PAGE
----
Retired Marine David Gurfein was running for this seat even before Democratic Rep. Steve Israel decided to retire, but it's hard to see him taking the GOP nod. Still, local Republicans don't want a primary at all, and Newsday writes that the Nassau County GOP is trying to persuade Gurfein to switch districts and challenge freshman Democratic Rep. Kathleen Rice in the 4th. Gurfein is reportedly considering, but he's reluctant to run somewhere he doesn't live. Gurfein also has some name recognition in the 3rd District for serving as high school quarterback during Great Neck's only undefeated season ever, and he wouldn't have that local appeal in another seat. There's also the small fact that while Obama only carried the 3rd 51-48, he took Rice's seat 56-43.
New York's filing deadline isn't until mid-April, so Gurfein has a little time to decide. But with the local party support circling the wagons behind Martins, he has a big edge in the June primary. Still, Martins may have some intra-party opposition regardless of what Gurfein does. Brookville Village Mayor Daniel Serota set up an exploratory committee in late January and while he blew past his plans to make an announcement sometime in the following ten days, he did file with the FEC in early March. Suffolk County Legislator Rob Trotta set up an FEC account to run here in January, but he still hasn't said anything publicly about his plans. There's a crowded primary developing on the Democratic side.
● NY-22: On Monday night, Assemblywoman Claudia Tenney beat her two GOP rivals to win the Conservative Party nomination for this competitive upstate New York seat. In New York, candidates can claim multiple party nominations, and the minor Conservative Party's endorsement does carry some weight with GOP primary voters. If Tenney loses the June GOP primary, the Conservatives can give their ballot spot to the GOP nominee by nominating Tenney for a judgeship. Tenney faces businessman Steve Wells and Broome County Legislator George Phillips in the GOP primary.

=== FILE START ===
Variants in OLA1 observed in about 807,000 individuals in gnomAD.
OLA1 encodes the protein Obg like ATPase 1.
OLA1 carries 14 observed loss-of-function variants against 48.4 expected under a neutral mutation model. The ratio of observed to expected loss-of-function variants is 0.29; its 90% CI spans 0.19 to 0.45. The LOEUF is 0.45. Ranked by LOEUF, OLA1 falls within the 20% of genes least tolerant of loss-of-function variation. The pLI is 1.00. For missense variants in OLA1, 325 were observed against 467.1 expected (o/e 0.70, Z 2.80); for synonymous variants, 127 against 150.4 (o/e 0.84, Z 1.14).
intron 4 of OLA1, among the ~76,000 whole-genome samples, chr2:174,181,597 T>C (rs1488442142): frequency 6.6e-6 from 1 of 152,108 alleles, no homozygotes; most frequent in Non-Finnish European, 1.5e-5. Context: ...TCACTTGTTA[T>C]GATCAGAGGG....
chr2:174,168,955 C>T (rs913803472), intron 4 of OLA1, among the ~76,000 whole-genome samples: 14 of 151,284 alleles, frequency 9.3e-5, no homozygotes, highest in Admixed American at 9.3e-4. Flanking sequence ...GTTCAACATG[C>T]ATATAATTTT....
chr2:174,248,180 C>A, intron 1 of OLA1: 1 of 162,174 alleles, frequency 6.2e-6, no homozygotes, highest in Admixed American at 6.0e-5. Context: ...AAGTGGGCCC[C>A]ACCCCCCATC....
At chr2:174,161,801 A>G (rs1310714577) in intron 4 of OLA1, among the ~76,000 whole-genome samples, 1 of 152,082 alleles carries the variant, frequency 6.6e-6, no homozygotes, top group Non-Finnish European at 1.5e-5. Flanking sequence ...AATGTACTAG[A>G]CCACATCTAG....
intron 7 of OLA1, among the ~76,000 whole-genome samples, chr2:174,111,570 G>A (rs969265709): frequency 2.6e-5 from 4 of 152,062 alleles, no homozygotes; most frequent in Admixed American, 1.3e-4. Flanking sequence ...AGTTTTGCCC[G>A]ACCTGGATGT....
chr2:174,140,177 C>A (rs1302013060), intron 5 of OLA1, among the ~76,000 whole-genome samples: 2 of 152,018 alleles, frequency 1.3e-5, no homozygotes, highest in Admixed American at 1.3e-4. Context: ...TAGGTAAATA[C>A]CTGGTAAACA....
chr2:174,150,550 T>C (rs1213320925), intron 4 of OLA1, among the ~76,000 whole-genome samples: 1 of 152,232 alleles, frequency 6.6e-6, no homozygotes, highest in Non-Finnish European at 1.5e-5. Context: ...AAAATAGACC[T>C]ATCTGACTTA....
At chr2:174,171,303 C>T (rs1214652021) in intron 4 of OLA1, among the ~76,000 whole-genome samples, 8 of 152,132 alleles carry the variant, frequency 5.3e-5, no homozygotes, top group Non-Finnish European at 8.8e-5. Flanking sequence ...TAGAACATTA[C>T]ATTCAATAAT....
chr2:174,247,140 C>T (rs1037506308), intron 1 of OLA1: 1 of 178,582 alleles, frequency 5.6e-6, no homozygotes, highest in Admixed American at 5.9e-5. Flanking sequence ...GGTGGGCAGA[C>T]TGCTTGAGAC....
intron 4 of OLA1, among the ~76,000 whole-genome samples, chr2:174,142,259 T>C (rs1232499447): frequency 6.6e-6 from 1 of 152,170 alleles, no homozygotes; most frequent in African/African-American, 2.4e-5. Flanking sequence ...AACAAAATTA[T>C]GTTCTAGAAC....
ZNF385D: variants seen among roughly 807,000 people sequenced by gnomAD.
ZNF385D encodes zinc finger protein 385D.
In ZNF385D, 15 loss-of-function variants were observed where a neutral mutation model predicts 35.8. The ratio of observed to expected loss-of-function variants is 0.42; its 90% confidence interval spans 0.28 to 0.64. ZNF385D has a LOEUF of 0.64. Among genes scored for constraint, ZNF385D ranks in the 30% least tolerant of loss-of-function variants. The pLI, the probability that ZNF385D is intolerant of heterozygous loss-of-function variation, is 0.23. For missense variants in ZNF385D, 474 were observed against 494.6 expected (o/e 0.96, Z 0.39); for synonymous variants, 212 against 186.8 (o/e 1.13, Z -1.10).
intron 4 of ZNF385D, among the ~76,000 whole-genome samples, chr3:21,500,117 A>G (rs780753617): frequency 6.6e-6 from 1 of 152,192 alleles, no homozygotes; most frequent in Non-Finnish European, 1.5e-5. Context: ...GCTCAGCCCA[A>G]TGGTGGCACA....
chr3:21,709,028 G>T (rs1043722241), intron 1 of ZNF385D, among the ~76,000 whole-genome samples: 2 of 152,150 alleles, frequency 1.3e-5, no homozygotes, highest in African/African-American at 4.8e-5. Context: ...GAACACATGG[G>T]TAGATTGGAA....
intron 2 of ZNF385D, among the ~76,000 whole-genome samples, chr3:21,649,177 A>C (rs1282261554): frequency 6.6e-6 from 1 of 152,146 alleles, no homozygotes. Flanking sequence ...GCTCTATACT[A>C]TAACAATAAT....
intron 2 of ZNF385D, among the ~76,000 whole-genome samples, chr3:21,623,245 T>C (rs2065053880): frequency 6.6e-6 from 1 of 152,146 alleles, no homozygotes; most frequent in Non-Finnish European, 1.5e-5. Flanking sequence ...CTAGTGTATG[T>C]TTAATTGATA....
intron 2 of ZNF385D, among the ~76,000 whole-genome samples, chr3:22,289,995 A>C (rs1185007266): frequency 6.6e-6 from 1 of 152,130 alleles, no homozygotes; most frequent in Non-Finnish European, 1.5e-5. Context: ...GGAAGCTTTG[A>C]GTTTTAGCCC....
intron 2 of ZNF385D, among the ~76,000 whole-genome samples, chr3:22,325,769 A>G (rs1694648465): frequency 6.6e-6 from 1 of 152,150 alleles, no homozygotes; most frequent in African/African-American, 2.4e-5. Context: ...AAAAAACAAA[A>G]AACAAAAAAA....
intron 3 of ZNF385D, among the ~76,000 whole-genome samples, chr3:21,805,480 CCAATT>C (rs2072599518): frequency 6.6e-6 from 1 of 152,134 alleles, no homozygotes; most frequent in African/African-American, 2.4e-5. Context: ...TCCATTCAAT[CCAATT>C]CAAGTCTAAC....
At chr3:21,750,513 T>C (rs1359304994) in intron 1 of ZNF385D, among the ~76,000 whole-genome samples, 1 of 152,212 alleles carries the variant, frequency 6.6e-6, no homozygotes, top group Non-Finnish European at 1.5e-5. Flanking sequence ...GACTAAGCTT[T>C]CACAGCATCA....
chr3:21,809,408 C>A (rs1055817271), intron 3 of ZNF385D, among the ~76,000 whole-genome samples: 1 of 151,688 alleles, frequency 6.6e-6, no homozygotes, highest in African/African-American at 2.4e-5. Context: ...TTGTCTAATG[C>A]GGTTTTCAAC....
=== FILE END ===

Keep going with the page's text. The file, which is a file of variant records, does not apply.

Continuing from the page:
● NY State Senate: A critical special election on April 19 for New York's GOP-controlled state Senate is heating up, with both candidates releasing new ads. A spot for Republican Chris McGrath, a personal injury attorney, features a man who was badly assaulted by a group of assailants wielding a baseball bat; McGrath, says text on the screen, helped him win "funds for his medical bills" in court.
Democratic Assemblyman Todd Kaminsky, meanwhile, also talks about his legal career, specifically his efforts to fight public corruption as a prosecutor. Kaminsky says he "didn't care" whether his targets "were Democrat or Republican—I cared whether they broke the law." Halfway through, the ad features a still image of former Senate Majority Leader Dean Skelos, the man whose resignation following a corruption conviction led to this special election in the first place.
● Special Elections: Four other special legislative elections were held Tuesday, and Team Blue picked up a seat. Johnny Longtorso fills us in:
Michigan HD-75: Democrats held this seat easily. David LaGrand defeated Republican Blake Edmonds by a 77-23 margin.
Michigan HD-80: Republicans had no trouble holding on to this seat. Mary Whiteford defeated Democrat David Gernant by a 64-30 margin, with Libertarian Arnie Davidsons taking the remaining 6 percent.
Michigan HD-82: This seat was also easily retained by the Republicans. Gary Howell defeated Democrat Margaret Guerrero DeLuca by a 59-37 margin, with Libertarian Tracy Spilker pulling in the remaining 4 percent.
New Hampshire House, Rockingham-21: Democrats picked up this seat last night. Mike Edgar won with 40 percent of the vote. Independent Phil Bean came in second with 31 percent, while Republican Ken Sheffert placed third with 29 percent.
● Milwaukee, WI Mayor: Incumbent Tom Barrett took a disappointing 45 percent of the vote in the February non-partisan primary, and he has to deal with Alderman Bob Donovan in the April 5 general. But Barrett, a two-time Democratic gubernatorial nominee, got a nice endorsement this week from President Obama.
The Daily Kos Elections Morning Digest is compiled by David Nir and Jeff Singer, with additional contributions from David Jarman, Steve Singiser, Daniel Donner, and Stephen Wolf.